# Final Projects

### Danji Liu

I picked **Light Field Camera** and **Neural Network Style Transfer** as my two final projects.

# Light Field Camera

I worked with the images provided at this link. Each light field is represented as a collection of 289 images taken over a 17 x 17 grid. The gird is on a plane that is perpendicular to the optical axis. Each image can be thought of a beam of light that comes through a different part of the aperture. Using the light field camera, we can simulate operations like refocusing or changing the aperture.

Here are a few examples of the sample images

image taken at (0, 0)

image taken at (8, 8), the center

image taken at (15, 4)

image taken at (16, 16), the last position

## Part 1: Refocusing

If we average all the images without shifting, the result we get has a focus on the middle of the chessboard. This simulates a regular camera with a certain focal length and aperture.

By shifting the images so that certain features are aligned, we can manipulate the focus of the image and blur other parts of the image. To get the best result, I used all 289 images for refocusing.

The idea is that we shift the images by a certain distance based on the camera positions. The third and fourth numbers of the filename indicate the camera positions `u, v`

. I decide to set the center image at (8,8) to be the base of which all other images shift toward.

Ideally, I would shift the current image by `base_u - u`

horizontally and `base_v - v`

vertically. However, the resulted image looks extremely fuzzy.

The tricky part is to multiply the distance by a scaling factor that's smaller than 1. When the scaling factor is negative, the images will shift away from the center point. Distant objects will become sharp as they are more aligned than close-up objects. On the contrary, when the scaling factor is positive, close-up objects become sharper.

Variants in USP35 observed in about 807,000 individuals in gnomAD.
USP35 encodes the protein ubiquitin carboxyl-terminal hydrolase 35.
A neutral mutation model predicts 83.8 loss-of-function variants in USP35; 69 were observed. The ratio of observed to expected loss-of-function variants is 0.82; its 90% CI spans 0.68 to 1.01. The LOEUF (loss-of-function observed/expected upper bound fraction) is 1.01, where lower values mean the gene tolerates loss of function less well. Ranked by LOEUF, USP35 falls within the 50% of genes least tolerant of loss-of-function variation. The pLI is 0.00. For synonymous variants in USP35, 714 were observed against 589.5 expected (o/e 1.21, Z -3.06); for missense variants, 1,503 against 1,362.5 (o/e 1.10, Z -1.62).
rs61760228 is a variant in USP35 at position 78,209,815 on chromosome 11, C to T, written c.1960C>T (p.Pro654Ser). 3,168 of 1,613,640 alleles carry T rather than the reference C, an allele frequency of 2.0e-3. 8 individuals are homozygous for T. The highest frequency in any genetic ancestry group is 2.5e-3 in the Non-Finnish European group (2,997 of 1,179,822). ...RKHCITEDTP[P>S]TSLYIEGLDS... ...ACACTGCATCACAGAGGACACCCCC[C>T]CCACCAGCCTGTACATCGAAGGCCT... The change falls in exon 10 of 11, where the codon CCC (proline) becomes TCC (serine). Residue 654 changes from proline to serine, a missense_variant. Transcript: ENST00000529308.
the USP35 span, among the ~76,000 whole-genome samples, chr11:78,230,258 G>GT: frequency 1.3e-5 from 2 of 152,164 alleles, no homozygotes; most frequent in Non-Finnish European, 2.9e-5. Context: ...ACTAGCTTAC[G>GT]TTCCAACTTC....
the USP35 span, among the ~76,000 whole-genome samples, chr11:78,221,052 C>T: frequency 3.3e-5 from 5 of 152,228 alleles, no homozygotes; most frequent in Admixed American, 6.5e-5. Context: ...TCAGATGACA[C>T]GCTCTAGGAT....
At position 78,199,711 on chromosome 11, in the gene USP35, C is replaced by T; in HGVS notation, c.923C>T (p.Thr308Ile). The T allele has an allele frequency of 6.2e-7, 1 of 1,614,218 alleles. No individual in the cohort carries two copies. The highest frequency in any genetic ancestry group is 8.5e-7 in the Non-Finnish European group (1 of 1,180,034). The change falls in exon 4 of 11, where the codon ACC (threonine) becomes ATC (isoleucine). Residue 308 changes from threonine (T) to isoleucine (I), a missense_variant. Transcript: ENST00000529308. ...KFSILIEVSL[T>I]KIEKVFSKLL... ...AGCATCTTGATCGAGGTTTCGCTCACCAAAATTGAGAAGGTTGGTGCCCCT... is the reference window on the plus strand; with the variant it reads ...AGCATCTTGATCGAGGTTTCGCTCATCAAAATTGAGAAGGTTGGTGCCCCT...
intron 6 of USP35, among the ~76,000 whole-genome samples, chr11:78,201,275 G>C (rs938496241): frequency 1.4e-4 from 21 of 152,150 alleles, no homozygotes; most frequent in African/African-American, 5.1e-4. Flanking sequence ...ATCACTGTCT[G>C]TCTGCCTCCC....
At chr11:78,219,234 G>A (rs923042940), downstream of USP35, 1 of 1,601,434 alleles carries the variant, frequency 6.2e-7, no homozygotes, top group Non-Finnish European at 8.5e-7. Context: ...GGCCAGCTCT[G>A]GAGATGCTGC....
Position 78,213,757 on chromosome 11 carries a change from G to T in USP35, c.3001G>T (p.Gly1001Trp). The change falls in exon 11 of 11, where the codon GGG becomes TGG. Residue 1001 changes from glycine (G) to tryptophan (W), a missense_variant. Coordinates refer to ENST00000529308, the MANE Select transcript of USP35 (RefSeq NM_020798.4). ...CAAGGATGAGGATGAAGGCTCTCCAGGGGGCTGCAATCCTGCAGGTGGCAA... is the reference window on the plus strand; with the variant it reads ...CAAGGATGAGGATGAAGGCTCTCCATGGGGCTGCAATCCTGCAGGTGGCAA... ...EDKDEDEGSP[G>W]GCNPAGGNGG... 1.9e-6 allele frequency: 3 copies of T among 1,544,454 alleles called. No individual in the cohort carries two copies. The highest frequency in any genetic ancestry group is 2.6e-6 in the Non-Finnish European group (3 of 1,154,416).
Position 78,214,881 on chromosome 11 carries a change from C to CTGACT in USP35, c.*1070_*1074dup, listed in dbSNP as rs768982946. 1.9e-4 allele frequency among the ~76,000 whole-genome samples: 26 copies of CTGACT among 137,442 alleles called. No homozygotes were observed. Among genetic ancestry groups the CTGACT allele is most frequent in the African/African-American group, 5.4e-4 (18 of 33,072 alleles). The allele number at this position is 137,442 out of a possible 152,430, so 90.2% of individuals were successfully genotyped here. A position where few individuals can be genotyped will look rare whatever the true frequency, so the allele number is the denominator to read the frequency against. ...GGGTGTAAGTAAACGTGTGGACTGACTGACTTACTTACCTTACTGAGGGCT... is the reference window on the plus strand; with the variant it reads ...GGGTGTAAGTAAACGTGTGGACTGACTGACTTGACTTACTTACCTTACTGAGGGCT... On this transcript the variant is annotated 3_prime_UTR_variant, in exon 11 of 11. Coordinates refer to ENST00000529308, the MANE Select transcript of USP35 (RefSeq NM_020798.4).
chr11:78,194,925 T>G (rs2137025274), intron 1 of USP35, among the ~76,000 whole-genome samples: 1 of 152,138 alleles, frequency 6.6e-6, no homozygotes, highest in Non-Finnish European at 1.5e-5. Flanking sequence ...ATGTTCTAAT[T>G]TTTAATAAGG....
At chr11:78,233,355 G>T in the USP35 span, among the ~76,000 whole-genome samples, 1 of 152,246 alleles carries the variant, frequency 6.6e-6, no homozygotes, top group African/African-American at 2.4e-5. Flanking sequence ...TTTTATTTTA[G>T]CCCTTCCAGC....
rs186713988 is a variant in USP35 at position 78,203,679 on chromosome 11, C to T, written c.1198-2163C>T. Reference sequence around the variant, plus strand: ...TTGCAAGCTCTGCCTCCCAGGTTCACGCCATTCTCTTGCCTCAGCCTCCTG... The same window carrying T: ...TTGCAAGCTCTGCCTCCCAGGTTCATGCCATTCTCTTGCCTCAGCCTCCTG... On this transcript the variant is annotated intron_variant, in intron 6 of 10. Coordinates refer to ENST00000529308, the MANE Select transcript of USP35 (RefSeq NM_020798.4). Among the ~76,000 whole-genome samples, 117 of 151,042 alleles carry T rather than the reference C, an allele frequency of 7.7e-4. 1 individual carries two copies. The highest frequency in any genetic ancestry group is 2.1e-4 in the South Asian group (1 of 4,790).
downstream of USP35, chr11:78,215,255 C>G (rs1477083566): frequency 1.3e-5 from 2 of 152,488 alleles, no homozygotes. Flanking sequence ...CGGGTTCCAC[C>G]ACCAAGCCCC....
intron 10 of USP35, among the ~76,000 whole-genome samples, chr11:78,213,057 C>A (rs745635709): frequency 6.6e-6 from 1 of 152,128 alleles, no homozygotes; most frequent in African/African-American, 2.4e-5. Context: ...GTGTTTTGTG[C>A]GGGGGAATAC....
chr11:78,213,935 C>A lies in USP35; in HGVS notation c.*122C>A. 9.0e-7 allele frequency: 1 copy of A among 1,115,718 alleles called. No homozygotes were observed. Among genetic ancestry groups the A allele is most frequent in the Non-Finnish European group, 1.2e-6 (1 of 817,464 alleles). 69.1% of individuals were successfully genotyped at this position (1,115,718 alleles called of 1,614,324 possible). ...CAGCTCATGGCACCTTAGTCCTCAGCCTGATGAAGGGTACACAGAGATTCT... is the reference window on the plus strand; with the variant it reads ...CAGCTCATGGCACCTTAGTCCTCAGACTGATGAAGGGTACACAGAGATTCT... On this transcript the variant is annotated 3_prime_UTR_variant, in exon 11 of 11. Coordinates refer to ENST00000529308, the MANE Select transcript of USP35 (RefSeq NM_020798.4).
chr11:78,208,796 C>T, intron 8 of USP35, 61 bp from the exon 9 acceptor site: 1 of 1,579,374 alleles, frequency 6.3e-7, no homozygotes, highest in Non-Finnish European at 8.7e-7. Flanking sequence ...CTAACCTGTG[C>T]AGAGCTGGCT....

The magnitude of the scaling factor decides how far away the focus is from the original focus in the middle.

scaling factor = -0.2

scaling factor = 0.2

scaling factor = 0.6

scaling factor = 0.4

We can observe the differences of the shifting of focus by changing the scaling factors. The following gif illustrates the process

scaling factor from -0.4 to 0.7

## Part 2: Aperture Adjustment

The more images we average over, the more light go through the camera lens. The number of images simulates the aperture size. By selecting fewer images, we can imitate the effect of a smaller aperture. Likewise, more images will simulate a larger aperture.

I approached this problem by picking the pictures within a range around the center image at (8,8). When the radius of the box is 0, the only source image is just the centered image itself. When the radius of the box is 1, I average over a 3x3 grid of images around (8,8), ultimately performing the same procedure in part one but with fewer samples. Finally, when the box radius is 8, I use all of the 289 images.